Note: This is an archived Handbook entry from 2012.
|Dates & Locations:|| |
This subject has the following teaching availabilities in 2012:Semester 1, Parkville - Taught on campus.
Lectures and multimedia presentations.
Timetable can be viewed here. For information about these dates, click here.
|Time Commitment:||Contact Hours: 30 lectures during the semester; and 1 x one hour multimedia presentation per week |
Total Time Commitment: Estimated total time commitment of 120 hours
|Prerequisites:|| One of |
Study Period Commencement:
|Recommended Background Knowledge:||None|
|Non Allowed Subjects:||
Students who have completed either of the following subjects may not enrol in this subject for credit
|Core Participation Requirements:||For the purposes of considering request for Reasonable Adjustments under the Disability Standards for Education (Cwth 2005), and Students Experiencing Academic Disadvantage Policy, academic requirements for this subject are articulated in the Subject Description, Subject Objectives, Generic Skills and Assessment Requirements of this entry. |
The University is dedicated to provide support to those with special requirements. Further details on the disability support scheme can be found at the Disability Liaison Unit website: http://www.services.unimelb.edu.au/disability/
CoordinatorDr Theresa Jones, Prof Mark Elgar
This subject describes and evaluates contemporary issues in animal behaviour. In particular, it highlights the relevance of evolutionary theory to ultimate explanations of animal behaviour and other life-history characteristics. Topics include foraging behaviour, competitive interactions and the application of game theory, signals and communication, courtship and mating, sexual selection and sexual conflict, parental care, and the evolution of social behaviour.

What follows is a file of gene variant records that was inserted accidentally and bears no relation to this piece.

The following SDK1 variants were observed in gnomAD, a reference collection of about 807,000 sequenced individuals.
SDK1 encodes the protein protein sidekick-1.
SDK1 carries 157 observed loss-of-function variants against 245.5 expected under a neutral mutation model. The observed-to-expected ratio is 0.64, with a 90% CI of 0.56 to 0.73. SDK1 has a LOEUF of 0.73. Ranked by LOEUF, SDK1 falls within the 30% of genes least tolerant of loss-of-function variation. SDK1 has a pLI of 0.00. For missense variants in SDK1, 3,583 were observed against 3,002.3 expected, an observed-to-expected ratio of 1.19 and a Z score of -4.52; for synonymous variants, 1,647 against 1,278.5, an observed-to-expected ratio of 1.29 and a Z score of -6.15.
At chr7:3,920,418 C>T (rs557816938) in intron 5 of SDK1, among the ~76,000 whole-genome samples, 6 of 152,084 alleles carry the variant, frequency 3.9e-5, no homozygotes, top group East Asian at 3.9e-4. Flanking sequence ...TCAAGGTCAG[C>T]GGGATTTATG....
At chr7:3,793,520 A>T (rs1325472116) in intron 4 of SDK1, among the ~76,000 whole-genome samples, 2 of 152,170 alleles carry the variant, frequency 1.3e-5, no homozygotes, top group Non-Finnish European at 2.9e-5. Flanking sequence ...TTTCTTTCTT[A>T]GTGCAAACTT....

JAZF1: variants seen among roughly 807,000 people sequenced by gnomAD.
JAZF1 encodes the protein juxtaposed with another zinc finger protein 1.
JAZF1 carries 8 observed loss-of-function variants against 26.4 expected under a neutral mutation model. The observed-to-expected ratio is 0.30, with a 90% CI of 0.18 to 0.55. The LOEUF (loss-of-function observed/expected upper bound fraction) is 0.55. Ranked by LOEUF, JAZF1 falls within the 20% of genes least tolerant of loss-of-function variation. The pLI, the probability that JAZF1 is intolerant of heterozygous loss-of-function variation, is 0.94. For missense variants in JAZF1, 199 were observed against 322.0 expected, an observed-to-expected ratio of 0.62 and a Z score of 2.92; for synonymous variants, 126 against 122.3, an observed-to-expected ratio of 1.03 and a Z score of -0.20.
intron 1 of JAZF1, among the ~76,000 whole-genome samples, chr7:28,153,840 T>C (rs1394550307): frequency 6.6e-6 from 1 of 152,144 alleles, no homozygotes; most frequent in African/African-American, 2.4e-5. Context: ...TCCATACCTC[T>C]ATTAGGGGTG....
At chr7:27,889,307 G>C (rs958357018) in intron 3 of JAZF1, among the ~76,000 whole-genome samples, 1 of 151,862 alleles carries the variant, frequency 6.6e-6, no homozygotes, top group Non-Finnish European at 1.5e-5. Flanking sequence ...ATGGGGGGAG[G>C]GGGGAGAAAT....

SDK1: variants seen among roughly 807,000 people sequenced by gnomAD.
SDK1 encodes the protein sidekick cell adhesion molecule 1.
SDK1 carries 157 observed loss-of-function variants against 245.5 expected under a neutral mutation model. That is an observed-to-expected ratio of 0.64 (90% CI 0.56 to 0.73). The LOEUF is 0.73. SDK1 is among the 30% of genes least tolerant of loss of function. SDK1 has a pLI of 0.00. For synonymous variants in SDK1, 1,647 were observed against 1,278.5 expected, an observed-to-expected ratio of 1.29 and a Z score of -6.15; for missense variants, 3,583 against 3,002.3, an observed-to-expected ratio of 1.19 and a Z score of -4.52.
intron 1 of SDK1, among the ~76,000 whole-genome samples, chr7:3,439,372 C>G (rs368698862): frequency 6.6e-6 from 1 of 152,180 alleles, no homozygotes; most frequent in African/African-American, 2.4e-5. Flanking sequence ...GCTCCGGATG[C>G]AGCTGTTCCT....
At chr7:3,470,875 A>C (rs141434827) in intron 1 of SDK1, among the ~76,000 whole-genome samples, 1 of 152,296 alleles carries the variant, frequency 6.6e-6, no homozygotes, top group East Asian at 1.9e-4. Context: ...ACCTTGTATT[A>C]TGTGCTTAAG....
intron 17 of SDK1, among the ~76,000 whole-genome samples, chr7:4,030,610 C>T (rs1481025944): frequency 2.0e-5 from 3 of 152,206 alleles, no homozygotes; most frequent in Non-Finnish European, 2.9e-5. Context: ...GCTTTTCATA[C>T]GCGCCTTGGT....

The subject provides an opportunity to assimilate and critically evaluate the relevant, contemporary literature, thereby ensuring a familiarity with, and understanding of, current and controversial areas of animal behaviour.
On completion of this subject, students should be aware of the ways in which a scientific and evolutionary approach to animal behaviour are developed; appreciate the key evolutionary processes that shape animal behaviour, and have experience in writing a lucid and considered account of scholarly research.
Written work of up to 2000 words due during the semester (40%); a 2-hour written examination in the examination period (60%).
|Breadth Options:|| |
This subject potentially can be taken as a breadth subject component for the following courses:
You should visit learn more about breadth subjects and read the breadth requirements for your degree, and should discuss your choice with your student adviser, before deciding on your subjects.
|Fees Information:||Subject EFTSL, Level, Discipline & Census Date|
|Generic Skills:||This subject builds upon existing generic skills, including an ability to assimilate and critically evaluate new knowledge within a scientific paradigm, and to communicate that knowledge to a broad audience.|
This subject is available for science credit to students enrolled in the BSc (both pre-2008 and new degrees), BASc or a combined BSc course.
Animal Disease Biotechnology (specialisation of Animal Health and Disease major) |
Ecology and Evolutionary Biology
Science credit subjects* for pre-2008 BSc, BASc and combined degree science courses
Science-credited subjects - new generation B-SCI and B-ENG. Core selective subjects for B-BMED.
Download PDF version.